Intelligence analysts must document their assessments in detail for reasons such as continuity, transparency, and auditability. It’s important for being able to trace the path behind a recommendation and becomes critical in cases where a source is later found to be unreliable. Creating these records is tedious and takes time the analyst could be using to solve problems close to the mission.

For one IC partner, a Booz Allen team developed an automated source extractor capability that automatically appends an analysts’ data with the source—reducing the time it takes an analyst to properly cite sources by 75%.

Modular Transformation: Accelerating Results

“We’ve had a lot of success supporting national security missions through the integration of AI/ML and advanced data science techniques such as probabilistic and predictive modeling and automation of data pipelines,” says Saurin. Our work increases the pace of analytics to machine speed while streamlining analytic processes. He likens the experience to SIRI. “You still take notes, right? But making that to-do list is a lot easier.”

AI/ML enables collection and exploitation, drawing connections at lightning speed that advanced AI can analyze to predict outcomes and recommend action. Target activities can then be correlated to create fast decisions where every second counts.

Another major development area, data engineering and automating data pipelines, saves analysts time and resources. “Our work facilitates not only the ingestion, but also the conditioning and enrichment of that data for analytic value. That gives data scientists and analysts so much time back,” he says.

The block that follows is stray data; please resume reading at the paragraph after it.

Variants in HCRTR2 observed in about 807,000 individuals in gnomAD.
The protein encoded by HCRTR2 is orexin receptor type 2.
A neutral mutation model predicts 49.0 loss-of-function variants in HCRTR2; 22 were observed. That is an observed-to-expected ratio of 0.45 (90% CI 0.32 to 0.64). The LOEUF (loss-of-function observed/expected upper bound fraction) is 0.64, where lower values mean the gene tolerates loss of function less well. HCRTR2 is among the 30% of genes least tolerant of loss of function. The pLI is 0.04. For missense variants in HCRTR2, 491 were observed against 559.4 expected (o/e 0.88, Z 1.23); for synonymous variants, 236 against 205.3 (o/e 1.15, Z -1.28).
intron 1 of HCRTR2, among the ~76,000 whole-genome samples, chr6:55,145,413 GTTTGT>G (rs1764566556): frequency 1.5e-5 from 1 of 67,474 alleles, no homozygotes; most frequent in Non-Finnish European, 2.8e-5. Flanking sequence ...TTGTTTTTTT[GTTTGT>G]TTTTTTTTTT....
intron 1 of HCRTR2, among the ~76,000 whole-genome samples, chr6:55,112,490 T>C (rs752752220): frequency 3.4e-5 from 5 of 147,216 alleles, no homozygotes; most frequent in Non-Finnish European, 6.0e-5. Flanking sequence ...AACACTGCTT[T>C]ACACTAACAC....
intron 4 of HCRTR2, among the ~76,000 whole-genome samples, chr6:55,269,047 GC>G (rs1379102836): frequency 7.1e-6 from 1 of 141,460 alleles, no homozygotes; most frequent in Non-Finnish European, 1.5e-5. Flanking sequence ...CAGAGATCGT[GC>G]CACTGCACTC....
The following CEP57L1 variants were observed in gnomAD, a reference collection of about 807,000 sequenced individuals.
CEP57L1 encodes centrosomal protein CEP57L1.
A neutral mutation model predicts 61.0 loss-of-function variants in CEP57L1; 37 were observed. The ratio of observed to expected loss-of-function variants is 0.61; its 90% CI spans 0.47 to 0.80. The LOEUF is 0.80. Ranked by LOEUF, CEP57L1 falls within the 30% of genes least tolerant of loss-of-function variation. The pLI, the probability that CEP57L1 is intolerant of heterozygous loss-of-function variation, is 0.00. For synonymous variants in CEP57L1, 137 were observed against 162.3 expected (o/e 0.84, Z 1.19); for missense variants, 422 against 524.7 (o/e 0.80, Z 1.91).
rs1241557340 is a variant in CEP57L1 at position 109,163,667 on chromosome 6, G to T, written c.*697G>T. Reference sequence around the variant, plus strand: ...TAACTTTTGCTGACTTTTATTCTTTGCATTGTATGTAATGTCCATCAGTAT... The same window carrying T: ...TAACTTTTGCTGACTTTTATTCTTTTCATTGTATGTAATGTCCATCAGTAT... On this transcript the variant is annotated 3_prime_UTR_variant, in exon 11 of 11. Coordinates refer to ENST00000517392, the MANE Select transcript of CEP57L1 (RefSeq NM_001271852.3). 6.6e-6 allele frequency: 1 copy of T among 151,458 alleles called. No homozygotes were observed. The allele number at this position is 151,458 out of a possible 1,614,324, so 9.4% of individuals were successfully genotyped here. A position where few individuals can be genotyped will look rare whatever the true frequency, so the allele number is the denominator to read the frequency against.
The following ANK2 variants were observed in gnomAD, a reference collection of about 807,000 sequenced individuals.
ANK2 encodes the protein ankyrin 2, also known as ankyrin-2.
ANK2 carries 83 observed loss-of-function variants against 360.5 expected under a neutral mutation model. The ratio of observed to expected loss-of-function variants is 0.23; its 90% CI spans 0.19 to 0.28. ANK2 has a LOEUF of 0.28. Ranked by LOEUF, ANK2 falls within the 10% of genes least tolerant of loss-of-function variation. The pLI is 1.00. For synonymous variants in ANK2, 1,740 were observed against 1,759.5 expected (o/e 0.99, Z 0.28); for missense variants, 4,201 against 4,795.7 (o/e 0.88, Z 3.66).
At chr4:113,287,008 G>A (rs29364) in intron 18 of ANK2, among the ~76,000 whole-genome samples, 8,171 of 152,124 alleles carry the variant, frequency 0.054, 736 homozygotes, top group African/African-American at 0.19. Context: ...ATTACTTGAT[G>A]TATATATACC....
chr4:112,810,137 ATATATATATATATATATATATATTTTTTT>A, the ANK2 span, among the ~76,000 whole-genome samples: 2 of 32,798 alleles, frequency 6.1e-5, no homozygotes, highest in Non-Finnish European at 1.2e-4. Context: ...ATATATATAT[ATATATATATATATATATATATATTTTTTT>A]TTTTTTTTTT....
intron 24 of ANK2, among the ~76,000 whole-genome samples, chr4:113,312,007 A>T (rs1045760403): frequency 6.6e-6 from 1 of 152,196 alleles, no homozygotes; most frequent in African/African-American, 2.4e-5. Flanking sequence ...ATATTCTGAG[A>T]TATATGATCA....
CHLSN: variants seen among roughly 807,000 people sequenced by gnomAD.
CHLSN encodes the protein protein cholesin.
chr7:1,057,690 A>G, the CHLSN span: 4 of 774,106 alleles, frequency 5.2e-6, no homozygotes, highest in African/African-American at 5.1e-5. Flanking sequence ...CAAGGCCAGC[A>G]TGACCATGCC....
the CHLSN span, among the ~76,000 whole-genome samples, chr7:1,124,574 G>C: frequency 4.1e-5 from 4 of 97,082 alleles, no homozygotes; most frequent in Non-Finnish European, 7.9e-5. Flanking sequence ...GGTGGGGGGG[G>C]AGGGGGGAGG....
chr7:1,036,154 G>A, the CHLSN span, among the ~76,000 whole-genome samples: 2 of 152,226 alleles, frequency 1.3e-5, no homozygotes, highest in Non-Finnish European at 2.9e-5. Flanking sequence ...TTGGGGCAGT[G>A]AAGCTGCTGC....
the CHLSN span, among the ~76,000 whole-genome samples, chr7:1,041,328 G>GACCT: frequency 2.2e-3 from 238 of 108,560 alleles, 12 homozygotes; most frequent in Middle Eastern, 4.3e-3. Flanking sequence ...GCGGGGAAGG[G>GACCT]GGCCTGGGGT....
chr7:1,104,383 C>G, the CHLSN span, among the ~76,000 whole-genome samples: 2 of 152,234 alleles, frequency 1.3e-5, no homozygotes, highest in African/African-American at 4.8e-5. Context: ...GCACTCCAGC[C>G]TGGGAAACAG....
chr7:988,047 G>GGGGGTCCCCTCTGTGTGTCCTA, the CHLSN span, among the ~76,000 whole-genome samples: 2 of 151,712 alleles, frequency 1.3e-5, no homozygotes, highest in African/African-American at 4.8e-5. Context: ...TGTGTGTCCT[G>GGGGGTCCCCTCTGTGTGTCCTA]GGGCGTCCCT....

Escalating Multi-INT Advantages

As intelligence organizations modernize, we create more sophisticated cross-domain pipelines. “A lot of new sensors are coming out there. Fusing those new classified streams with commercially available and open-source data at scale requires new, layered levels of data engineering and analysis,” he says.

The data needs to be indexed, fused, and analyzed at appropriate security levels for multiple stakeholders, from the intelligence community to military, government, and international partners. Then those recommendations need to be distilled to send to leaders at their level of access, at the moment needed.

Such large-scale, diverse fusion requires open architectures that move operations to the cloud for bandwidth and scale. To work within allotted budgets, many intelligence clients need to approach that large-scale modernization in terms of iterative changes that build toward a larger vision.

Open-Source Solutions Simplify Modernization

We solve the clients’ dilemma with a modular open-architecture approach, which simplifies transformation while allowing clients to proceed according to their funding resources. “We’re agnostic to the solution, so we’ll choose the best technology for that organization,” he says.

Often the answer lies in tools and frameworks we’ve already created from commercial off-the-shelf or open-source software—tools that are already cleared through the accreditation process, have intelligence-level cybersecurity built in, and are proven in operation.

“The right technologies and solutions accelerate decision making while simultaneously providing capacity,” he says. “The beauty is that it all works together.”

Case Study: Platform One Enables First AI Co-Pilot

To keep the U.S. ahead of escalating threats, Booz Allen partnered with the Air Force to develop Platform One, the federal government’s first enterprise-level DevSecOps service. The service standardizes acquisition, policies, and platforms so developers can focus on creating the custom elements. Using an open, modular infrastructure ensures flexibility while automating repeatable processes speeds delivery. Using Platform One, the partners operationalized an AI algorithm within weeks—successfully demonstrating human-machine teaming aboard a Lockheed U-2 aircraft, a first for airborne reconnaissance missions.